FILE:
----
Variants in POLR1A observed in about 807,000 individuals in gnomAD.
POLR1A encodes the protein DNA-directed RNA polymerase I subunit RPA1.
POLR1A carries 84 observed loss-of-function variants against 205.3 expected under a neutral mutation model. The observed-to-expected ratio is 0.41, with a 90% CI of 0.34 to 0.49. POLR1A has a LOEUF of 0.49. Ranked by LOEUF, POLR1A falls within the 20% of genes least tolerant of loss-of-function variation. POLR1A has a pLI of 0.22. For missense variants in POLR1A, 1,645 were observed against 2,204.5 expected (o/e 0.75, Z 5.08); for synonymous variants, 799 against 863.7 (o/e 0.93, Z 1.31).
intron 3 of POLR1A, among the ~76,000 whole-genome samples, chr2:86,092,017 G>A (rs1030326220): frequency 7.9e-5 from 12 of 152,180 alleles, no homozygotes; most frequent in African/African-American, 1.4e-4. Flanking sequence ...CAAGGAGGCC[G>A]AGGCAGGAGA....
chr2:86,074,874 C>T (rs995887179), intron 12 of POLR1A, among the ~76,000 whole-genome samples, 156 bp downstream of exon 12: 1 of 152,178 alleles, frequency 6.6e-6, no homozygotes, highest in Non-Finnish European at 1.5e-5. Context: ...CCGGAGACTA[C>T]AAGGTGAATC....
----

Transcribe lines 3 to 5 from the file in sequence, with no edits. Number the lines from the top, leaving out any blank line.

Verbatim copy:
POLR1A carries 84 observed loss-of-function variants against 205.3 expected under a neutral mutation model. The observed-to-expected ratio is 0.41, with a 90% CI of 0.34 to 0.49. POLR1A has a LOEUF of 0.49. Ranked by LOEUF, POLR1A falls within the 20% of genes least tolerant of loss-of-function variation. POLR1A has a pLI of 0.22. For missense variants in POLR1A, 1,645 were observed against 2,204.5 expected (o/e 0.75, Z 5.08); for synonymous variants, 799 against 863.7 (o/e 0.93, Z 1.31).
intron 3 of POLR1A, among the ~76,000 whole-genome samples, chr2:86,092,017 G>A (rs1030326220): frequency 7.9e-5 from 12 of 152,180 alleles, no homozygotes; most frequent in African/African-American, 1.4e-4. Flanking sequence ...CAAGGAGGCC[G>A]AGGCAGGAGA....
chr2:86,074,874 C>T (rs995887179), intron 12 of POLR1A, among the ~76,000 whole-genome samples, 156 bp downstream of exon 12: 1 of 152,178 alleles, frequency 6.6e-6, no homozygotes, highest in Non-Finnish European at 1.5e-5. Context: ...CCGGAGACTA[C>T]AAGGTGAATC....